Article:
Just when I thought a LMS was a good thing I read Audrey Watters “Beyond the LMS”…….

Before I get to the actual blog prompt I need to reflect a little on the readings.  This week I ended the required readings with Audrey Watters “Beyond the LMS”… I had one of those “Ah ha” moments where I thought awe crap perhaps I should have saved everything I have created and marked on my own computer. I have been teaching Nursing for a number of years and started with Blackboard. I had never really thought of it as a “management” system. I just thought it was a neat way of keeping things organized online for students and instructors.


I do however remember being extremely frustrated that I lost access to all my great comments and feedback (you know the ones that take hours to write) when I changed employment institutions.  I had no way of getting anything back or having access to any assignments or papers that I had marked or created. I never once thought about the student who also lost access to his/her marked papers/assignments if not printed prior to the end of a course.

According to Watters (2014), “The learning management system reflects the technological desires of administrators — it’s right there in the phrase. “Management.” It does not reflect the needs of teachers and learners.”

I am now a grad student and  I recently went to print a marked paper for my portfolio only to find I no longer had access to that course on UR courses. So now because of the reading I am thinking “why does administration have the right to keep my work”. And why are we writing papers that a prof is the only person that ever sees.

Although this reading was eye-opening our group is torn about what platform to use for our assignment. An open-web does sound appealing but if we want to use this in our nursing courses in future we might have to go with the tried and tested that our program will support. I am not sure if the program would support our students assignments being open for the “world to see”. Our group was initially going to use D2L but has decided to go with Moodle. We have made this decision because as our roles expand in the program so does our responsibility to create and coordinate courses. I have used UR courses as a student and instructor but as primarily a clinical instructor I have not developed a course from the beginning. I found this video helpful and also this link that Alec and Katia posted.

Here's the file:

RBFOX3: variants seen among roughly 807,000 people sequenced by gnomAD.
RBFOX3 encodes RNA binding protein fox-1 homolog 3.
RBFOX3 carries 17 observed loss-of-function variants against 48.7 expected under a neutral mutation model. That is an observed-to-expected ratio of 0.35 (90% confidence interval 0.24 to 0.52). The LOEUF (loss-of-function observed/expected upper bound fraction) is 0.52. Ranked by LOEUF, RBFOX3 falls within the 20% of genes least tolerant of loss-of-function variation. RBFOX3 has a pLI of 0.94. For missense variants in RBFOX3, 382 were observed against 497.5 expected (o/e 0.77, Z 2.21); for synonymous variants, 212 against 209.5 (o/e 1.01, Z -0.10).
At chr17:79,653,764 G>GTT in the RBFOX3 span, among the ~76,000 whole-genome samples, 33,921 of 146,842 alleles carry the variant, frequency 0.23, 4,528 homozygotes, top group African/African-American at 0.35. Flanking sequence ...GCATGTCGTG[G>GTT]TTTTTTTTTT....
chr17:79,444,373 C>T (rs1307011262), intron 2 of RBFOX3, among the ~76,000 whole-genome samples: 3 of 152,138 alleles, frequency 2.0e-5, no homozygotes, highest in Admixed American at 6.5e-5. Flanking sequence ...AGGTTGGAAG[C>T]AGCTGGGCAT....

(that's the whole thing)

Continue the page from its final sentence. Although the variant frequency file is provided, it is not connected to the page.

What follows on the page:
These are some reasons why we have looked further into this platform.



Author: Stephanie Grand

Mature Student, Mom, Nurse Educator, Newbie to Blogging and learning educational technology!

10 thoughts on “Just when I thought a LMS was a good thing I read Audrey Watters “Beyond the LMS”…….”

  1. As an insider note on the UR Courses thing, the wiping of courses is totally an administrative decision. U of S, in contrast, lets students retain access to their course after it ends. They just make a new copy for the next semester. So students do not lose it until they leave the institution and can’t log in anymore. At U of R, even administrators don’t really retain access to that paper. It’s backed up in a file that is kept for 6 months in case you appeal. After that, the file is deleted. Some of it is an extension of how face-to-face is viewed. Discussion forums are obviously (not really, but this is how it is seen) an extension of classroom discussion. You can’t back that up and take it with you so why should you want discussion forums? It is possible to copy and paste all of what you wrote in a discussion forum but it isn’t easy and it is messy and comes without any context of who you replied to, etc. Ongoing frustration for our unit because we agree with Alec that students should be able to easily take their work with them.